'The Father of Naval Special Warfare' Almost Changed the History of the Vietnam War

Phil H. Bucklew, "the Father of Naval Special Warfare," earned two Navy crosses and served in three major conflicts. (U.S. Navy)

Phil H. Bucklew was a World War II veteran with a few good years left by the time the United States got involved in Vietnam. The frogman already had a storied military career, but America’s latest conflict showed there was still more for him to do.

Bucklew saw exactly how the North Vietnamese were infiltrating South Vietnam, because that’s exactly how he, a longtime irregular warrior, would have done it. The Navy disregarded his assessment, and it might have changed the war forever.

As a young man, Bucklew first joined the Naval Reserve in 1930 while playing football in what one day would become the NFL. But his life took a total turn for the military after the Japanese attack on Pearl Harbor brought the United States into World War II. As a new naval officer, he would learn not only to work in the burgeoning field of special warfare, but he also would shape its entire future.

The Navy Scouts and Raiders were one of the precursors to the Navy SEALs the U.S. employs around the world today. During World War II, the concept of special warfare was far from refined, but the job of these combat swimmers was simple enough on most occasions: scout the beach for its defenses and return with the information.

That was the kind of work Bucklew and other frogmen did before planned amphibious landings throughout the war. Bucklew served with the Scouts and Raiders during Operation Torch, the American invasion of North Africa, as well as at Sicily, Salerno and Normandy.

Bucklew actually landed on Omaha Beach many times before the actual D-Day invasions, taking samples of sand, getting information on the metal obstacles and booby traps that awaited Allied tanks so they could clear the way for landing craft.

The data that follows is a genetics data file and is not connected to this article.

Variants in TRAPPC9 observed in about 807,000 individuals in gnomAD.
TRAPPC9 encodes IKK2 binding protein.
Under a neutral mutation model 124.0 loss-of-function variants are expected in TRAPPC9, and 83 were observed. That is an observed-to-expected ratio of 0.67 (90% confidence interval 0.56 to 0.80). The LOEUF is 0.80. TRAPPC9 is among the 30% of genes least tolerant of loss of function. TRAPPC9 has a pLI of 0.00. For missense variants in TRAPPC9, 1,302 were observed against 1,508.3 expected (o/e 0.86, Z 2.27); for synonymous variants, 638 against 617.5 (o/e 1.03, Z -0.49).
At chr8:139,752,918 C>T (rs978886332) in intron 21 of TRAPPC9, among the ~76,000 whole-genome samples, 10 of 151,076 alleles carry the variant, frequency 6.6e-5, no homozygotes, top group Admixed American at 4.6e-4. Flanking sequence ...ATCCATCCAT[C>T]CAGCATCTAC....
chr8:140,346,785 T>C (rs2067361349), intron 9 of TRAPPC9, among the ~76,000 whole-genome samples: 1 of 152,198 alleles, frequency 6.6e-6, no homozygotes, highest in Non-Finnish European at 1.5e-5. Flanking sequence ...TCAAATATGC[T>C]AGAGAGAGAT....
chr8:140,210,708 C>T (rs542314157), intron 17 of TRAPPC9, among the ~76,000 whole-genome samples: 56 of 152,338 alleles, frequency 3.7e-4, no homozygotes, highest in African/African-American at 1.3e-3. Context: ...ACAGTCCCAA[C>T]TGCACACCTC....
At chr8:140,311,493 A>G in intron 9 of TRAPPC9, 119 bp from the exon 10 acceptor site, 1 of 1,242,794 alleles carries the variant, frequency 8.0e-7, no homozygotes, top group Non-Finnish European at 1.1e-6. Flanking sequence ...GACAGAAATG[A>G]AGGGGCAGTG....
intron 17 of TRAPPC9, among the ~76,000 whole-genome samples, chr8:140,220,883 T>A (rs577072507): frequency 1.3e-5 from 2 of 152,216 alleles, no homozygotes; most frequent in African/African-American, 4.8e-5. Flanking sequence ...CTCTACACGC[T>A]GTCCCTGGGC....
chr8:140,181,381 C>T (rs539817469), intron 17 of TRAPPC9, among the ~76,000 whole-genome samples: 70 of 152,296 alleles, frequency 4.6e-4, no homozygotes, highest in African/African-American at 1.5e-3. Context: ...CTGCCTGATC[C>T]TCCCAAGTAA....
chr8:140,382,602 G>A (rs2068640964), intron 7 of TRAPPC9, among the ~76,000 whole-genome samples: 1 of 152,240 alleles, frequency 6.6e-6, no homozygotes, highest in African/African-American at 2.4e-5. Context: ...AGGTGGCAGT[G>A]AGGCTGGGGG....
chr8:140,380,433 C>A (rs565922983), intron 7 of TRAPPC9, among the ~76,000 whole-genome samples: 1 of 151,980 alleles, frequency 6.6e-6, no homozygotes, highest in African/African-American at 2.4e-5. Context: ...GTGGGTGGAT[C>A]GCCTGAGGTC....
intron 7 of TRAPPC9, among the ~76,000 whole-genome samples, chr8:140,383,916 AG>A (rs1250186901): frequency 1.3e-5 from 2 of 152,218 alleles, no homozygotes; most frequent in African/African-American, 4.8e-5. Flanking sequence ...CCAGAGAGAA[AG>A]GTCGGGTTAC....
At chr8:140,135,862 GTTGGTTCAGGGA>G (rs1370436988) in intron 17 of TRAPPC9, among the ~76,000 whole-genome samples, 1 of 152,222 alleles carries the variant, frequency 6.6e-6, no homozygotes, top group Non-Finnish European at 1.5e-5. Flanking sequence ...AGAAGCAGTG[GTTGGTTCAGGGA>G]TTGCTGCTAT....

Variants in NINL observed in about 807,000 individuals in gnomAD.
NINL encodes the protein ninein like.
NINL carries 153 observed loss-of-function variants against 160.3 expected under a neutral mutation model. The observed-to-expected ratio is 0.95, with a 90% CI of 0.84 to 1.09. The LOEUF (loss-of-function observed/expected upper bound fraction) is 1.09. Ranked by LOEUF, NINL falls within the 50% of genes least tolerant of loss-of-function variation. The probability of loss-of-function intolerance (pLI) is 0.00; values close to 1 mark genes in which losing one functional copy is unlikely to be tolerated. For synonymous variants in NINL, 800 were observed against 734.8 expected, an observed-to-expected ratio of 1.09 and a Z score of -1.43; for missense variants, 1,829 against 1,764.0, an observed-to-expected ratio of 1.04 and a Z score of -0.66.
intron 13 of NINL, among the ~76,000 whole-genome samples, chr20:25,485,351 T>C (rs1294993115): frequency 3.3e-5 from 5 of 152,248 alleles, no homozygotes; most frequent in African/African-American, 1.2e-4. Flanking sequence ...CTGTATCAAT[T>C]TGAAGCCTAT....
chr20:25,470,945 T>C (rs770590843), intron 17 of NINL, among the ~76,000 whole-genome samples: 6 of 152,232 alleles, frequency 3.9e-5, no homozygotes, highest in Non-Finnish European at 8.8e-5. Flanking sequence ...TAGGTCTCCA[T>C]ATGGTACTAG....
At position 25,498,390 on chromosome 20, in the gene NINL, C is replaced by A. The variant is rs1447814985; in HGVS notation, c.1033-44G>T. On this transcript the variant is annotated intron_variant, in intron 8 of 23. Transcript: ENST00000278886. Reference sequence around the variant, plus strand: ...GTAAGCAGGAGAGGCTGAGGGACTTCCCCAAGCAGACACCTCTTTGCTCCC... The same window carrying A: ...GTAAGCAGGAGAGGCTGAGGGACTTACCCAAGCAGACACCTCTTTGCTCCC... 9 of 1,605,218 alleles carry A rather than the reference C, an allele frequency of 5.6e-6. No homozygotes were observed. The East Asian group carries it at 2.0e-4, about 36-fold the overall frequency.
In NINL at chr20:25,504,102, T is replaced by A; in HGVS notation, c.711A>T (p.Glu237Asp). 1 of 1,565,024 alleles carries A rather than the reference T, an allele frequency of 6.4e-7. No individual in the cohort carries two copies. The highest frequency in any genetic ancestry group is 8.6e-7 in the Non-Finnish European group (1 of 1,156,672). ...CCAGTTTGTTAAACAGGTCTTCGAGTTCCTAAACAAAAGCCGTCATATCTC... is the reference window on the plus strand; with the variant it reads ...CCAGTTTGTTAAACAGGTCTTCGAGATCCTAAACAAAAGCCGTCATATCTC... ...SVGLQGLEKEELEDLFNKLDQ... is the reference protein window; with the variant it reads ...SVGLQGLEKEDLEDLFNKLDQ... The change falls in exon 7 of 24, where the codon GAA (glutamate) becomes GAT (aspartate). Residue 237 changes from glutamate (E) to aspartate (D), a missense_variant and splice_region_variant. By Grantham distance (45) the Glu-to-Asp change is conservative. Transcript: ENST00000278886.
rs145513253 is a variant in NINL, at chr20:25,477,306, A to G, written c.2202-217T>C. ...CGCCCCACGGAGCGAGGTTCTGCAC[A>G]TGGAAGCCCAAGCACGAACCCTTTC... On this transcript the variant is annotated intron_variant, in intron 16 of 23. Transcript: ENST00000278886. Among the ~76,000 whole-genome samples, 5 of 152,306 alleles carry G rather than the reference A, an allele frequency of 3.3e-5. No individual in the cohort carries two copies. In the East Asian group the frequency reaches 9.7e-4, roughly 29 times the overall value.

When D-Day came, Bucklew led a series of landing craft carrying tanks onto the beaches at Normandy. Having been briefed on the overall invasion plans, he was not allowed to land himself, for fear of being captured.

After his tanks were on the beach, he helped save drowning infantrymen trying to wade ashore, using his boat and rendering similar assistance all along the beaches. A trip to China to gather information and train the Chinese Nationalists there rounded out Bucklew’s World War II missions, but not his military career.

By the early 1960s, Vietnam was becoming the next Cold War flashpoint, and Bucklew’s skills were sorely needed. The Viet Cong, communist guerrillas operating openly in South Vietnam, were moving men and supplies south around the Vietnamese demilitarized zone just by moving them through Cambodia in local fishing boats along the Mekong River.

The U.S. Navy’s efforts to stem the flow of these supplies only caused the communists to increase the flow. It launched Market Time, a Navy, U.S. Coast Guard and South Vietnamese monitoring and interdiction operation that searched coastal vessels and captured tons of materials headed to communist units in South Vietnam. The U.S. Navy also launched Operation Game Warden, a similar operation used to patrol the Mekong River and its delta.

Bucklew argued that these patrol operations were not sufficient, and more concrete, thorough steps were necessary to control communist supply routes. He argued for things such as checkpoints, barricades and curfews to control traffic. The Navy disregarded his recommendations.

A member of US Navy SEAL team uses caution as he watches for any movement in the thick wooded area along a stream in October 1968. (National Archives & Records Administration)

The seaborne infiltrations by communist forces went on for years. Despite the U.S. Navy’s patrols successfully intercepting communist supply runs for eight years, the North still stockpiled what it needed to launch the 1968 Tet Offensive. The surprise attack turned American public opinion against the war for the first time.

Had the United States prevented the Tet Offensive by choking its shallow water supply points, the entire history of the war might have been different from 1968 onward.

But Bucklew was long gone before 1968, having been reassigned to the Pentagon before retiring from the military altogether in 1969. He is remembered as the “Father of Naval Special Warfare,” and the Coronado, California Naval Special Warfare Center is named for him, so Phil Bucklew is the first name SEAL recruits learn when they head off to BUD/S or SWCC training.

-- Blake Stilwell can be reached at blake.stilwell@military.com. He can also be found on Twitter @blakestilwell or on Facebook.

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